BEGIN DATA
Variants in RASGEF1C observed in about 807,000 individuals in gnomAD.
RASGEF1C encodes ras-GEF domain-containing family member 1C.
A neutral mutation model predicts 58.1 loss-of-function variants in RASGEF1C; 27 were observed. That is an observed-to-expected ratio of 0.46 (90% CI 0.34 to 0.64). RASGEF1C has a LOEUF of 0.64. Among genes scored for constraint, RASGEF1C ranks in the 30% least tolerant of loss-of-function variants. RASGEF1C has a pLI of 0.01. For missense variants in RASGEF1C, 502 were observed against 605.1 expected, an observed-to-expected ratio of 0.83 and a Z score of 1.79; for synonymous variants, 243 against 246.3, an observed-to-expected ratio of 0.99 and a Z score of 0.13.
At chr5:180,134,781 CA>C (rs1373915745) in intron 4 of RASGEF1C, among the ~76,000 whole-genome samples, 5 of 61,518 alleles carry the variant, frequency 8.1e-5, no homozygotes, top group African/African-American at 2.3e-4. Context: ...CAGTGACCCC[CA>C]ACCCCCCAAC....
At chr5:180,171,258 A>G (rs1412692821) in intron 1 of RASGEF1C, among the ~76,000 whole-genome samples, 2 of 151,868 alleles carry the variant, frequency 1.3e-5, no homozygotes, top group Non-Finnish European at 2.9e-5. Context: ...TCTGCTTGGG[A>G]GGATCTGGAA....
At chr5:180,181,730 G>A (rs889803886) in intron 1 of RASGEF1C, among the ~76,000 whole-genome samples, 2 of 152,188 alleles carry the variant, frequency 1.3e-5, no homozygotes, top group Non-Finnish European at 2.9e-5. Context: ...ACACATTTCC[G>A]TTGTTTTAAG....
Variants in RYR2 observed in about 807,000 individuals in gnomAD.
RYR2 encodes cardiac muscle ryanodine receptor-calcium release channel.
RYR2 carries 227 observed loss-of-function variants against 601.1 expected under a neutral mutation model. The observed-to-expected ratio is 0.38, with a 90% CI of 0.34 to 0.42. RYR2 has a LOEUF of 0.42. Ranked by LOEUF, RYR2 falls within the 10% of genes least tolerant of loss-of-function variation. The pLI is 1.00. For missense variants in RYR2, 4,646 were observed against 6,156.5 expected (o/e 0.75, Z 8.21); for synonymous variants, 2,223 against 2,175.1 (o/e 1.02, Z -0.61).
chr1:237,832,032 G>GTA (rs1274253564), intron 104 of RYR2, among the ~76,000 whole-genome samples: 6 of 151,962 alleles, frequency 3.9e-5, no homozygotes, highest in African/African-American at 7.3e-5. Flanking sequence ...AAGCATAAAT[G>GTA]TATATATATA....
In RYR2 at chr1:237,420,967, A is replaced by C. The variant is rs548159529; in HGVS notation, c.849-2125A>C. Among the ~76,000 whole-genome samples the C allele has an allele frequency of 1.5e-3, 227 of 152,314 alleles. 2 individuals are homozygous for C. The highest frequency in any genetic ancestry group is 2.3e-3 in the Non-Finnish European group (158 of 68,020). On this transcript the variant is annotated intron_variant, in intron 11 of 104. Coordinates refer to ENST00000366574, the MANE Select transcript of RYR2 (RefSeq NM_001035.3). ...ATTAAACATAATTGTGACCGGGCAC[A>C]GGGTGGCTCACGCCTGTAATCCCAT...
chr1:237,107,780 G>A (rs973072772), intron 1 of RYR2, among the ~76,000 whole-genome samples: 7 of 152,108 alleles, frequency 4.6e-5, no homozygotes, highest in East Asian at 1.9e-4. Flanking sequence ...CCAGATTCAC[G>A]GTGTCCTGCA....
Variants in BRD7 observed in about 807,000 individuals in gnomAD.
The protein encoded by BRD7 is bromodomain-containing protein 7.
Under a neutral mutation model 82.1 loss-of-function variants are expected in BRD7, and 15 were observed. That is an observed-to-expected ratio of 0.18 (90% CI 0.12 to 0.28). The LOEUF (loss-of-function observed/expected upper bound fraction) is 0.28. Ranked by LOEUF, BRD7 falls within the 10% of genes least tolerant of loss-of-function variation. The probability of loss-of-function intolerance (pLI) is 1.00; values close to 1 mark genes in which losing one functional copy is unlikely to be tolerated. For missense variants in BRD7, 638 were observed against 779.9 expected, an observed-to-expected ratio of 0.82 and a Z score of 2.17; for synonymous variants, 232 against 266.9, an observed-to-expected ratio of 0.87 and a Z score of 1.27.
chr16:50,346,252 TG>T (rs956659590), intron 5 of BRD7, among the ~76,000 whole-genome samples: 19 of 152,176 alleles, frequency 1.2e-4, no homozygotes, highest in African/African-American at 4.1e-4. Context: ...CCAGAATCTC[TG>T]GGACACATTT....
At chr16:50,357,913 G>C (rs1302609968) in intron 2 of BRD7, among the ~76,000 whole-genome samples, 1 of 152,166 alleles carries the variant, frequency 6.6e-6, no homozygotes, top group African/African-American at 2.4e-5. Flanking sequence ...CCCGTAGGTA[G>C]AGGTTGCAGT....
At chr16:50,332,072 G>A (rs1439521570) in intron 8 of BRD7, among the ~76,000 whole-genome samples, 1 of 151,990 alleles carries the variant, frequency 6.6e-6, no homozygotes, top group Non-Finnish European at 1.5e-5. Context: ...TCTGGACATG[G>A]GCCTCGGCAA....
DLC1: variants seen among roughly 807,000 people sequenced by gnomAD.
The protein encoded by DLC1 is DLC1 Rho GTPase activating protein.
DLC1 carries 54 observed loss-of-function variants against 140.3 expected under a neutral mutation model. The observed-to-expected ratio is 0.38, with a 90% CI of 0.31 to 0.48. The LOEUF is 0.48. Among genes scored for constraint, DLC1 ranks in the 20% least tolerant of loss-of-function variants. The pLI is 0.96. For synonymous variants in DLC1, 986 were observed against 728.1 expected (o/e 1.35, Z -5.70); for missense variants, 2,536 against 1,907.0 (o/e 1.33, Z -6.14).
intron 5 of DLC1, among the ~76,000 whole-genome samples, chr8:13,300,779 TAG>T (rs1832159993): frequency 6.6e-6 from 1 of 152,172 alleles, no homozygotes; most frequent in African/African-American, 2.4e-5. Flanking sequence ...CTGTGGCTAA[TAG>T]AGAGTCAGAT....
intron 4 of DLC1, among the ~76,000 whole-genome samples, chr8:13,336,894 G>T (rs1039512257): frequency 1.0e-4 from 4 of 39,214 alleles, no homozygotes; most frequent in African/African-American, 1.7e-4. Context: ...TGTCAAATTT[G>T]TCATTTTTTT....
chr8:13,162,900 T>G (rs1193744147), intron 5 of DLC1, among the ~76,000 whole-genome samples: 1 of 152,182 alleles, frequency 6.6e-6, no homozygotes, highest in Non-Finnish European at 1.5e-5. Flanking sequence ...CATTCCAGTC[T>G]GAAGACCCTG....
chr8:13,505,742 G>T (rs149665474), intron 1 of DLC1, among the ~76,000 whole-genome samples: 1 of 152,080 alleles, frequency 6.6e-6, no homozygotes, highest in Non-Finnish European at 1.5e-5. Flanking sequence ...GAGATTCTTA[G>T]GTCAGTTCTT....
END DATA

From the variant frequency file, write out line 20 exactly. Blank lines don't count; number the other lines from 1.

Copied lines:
The protein encoded by DLC1 is DLC1 Rho GTPase activating protein.